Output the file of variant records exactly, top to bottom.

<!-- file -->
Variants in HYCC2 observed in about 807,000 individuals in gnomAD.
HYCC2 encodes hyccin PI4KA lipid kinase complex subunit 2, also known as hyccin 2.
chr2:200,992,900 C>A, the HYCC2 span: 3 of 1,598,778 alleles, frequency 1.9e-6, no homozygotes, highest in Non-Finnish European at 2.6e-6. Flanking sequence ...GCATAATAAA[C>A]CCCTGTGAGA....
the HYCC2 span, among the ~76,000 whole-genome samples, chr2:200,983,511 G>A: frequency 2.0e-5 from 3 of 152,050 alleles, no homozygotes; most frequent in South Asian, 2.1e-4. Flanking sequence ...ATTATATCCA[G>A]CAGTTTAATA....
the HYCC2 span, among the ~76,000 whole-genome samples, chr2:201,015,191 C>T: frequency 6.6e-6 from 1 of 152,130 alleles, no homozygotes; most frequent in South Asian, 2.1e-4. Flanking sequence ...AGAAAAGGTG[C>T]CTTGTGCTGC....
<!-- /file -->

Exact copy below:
Variants in HYCC2 observed in about 807,000 individuals in gnomAD.
HYCC2 encodes hyccin PI4KA lipid kinase complex subunit 2, also known as hyccin 2.
chr2:200,992,900 C>A, the HYCC2 span: 3 of 1,598,778 alleles, frequency 1.9e-6, no homozygotes, highest in Non-Finnish European at 2.6e-6. Flanking sequence ...GCATAATAAA[C>A]CCCTGTGAGA....
the HYCC2 span, among the ~76,000 whole-genome samples, chr2:200,983,511 G>A: frequency 2.0e-5 from 3 of 152,050 alleles, no homozygotes; most frequent in South Asian, 2.1e-4. Flanking sequence ...ATTATATCCA[G>A]CAGTTTAATA....
the HYCC2 span, among the ~76,000 whole-genome samples, chr2:201,015,191 C>T: frequency 6.6e-6 from 1 of 152,130 alleles, no homozygotes; most frequent in South Asian, 2.1e-4. Flanking sequence ...AGAAAAGGTG[C>T]CTTGTGCTGC....